But as bad as Fryberg’s arguments were, Baer’s were even worse. At least she was making claims, albeit dumb ones. Baer, on the other hand, refused to say anything substantive, which demonstrates the weakness of his position. Cooke would repeatedly point out that no one person is competent to decide what kind of speech constitutes hate speech. But then Baer would respond that someone is, although it may not be him or anyone else on the panel. It’s not particularly reassuring for the person making the pro-censorship argument to say, “I’m not sure who is competent to censor, but there’s gotta be someone out there to do it, right?”

Later, Baer was pressed by an audience member to be more specific about what kind of speakers he thinks should not be allowed to speak on university campuses. This was in response to claims from Baer that universities ought to be more discerning when it comes to giving platforms to speakers. He basically responded that he could name names, but he wouldn’t do so in order to avoid dignifying the people by acknowledging their existence. Of course, the consequence of his refusal to say just who he thinks should be censored is that we actually have no idea what his position is—maybe he just wants to keep David Duke off of campuses, but maybe he also thinks that Charles Murray and Ben Shapiro are hateful bigots who should be kept as far away from impressionable young minds as possible.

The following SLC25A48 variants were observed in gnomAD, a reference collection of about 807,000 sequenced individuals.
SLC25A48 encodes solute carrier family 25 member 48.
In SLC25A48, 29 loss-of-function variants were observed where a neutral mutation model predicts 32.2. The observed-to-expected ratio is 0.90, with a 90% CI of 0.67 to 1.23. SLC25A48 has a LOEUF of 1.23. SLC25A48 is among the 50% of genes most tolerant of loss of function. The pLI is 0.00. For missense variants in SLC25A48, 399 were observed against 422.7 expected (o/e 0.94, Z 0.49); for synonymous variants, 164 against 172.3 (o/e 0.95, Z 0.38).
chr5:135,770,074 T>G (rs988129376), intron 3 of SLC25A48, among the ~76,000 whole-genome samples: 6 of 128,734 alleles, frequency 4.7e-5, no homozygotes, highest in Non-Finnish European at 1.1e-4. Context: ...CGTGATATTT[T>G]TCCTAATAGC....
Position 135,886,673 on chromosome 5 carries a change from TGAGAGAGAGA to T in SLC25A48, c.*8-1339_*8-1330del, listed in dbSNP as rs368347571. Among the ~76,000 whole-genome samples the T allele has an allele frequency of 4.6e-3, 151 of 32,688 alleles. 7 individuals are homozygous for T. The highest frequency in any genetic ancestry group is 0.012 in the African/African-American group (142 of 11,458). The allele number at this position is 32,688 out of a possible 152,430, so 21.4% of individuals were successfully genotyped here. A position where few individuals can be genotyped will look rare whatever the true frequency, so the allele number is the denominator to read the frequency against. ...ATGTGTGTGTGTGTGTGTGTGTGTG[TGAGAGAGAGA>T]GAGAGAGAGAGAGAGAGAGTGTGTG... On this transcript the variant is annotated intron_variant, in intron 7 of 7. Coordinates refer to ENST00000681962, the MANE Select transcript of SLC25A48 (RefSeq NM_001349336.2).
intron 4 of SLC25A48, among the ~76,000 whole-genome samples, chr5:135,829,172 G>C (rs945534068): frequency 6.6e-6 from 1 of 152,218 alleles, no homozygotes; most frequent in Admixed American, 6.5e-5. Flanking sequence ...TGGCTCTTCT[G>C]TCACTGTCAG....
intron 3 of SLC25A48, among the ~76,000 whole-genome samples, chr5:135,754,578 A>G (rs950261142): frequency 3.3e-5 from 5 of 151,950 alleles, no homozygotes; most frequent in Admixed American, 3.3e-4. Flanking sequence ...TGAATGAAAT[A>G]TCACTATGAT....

And that’s the problem with these anti-free speech arguments. When taken to their logical conclusions, they quickly lead to absurdity. I can imagine Baer as a character in a Socratic dialogue. Socrates pushes him into a corner, but Baer just keeps doubling down on his claims without clarifying them or supporting them until he angrily storms away, saying something like, “I don’t know how to answer you, but you’re wrong, and I’m right.” Eventually, of course, he will conspire with his fellow citizens to have Socrates killed, because that’s what you do when people are “corrupting the youth.”

The utter spinelessness of people like Baer is what has allowed destructive illiberal tendencies to flourish in our universities.  By refusing to talk specifics, they obscure the debate, making it harder to see what’s really going on. And what’s really going on is that people are becoming increasingly pro-censorship, albeit for different reasons than in the past.

Apology to Jess Mathews and the EST

After talking to people and taking another look at all the things I said on Twitter and on this blog, I’ve realized that I was really cruel to the EST staff and especially to Jess. I deleted the post. I’ve deactivated my Twitter account. I’m taking a break from social media to think more about what possesses me to say such awful, unkind things to people. Sorry to everyone that I put down.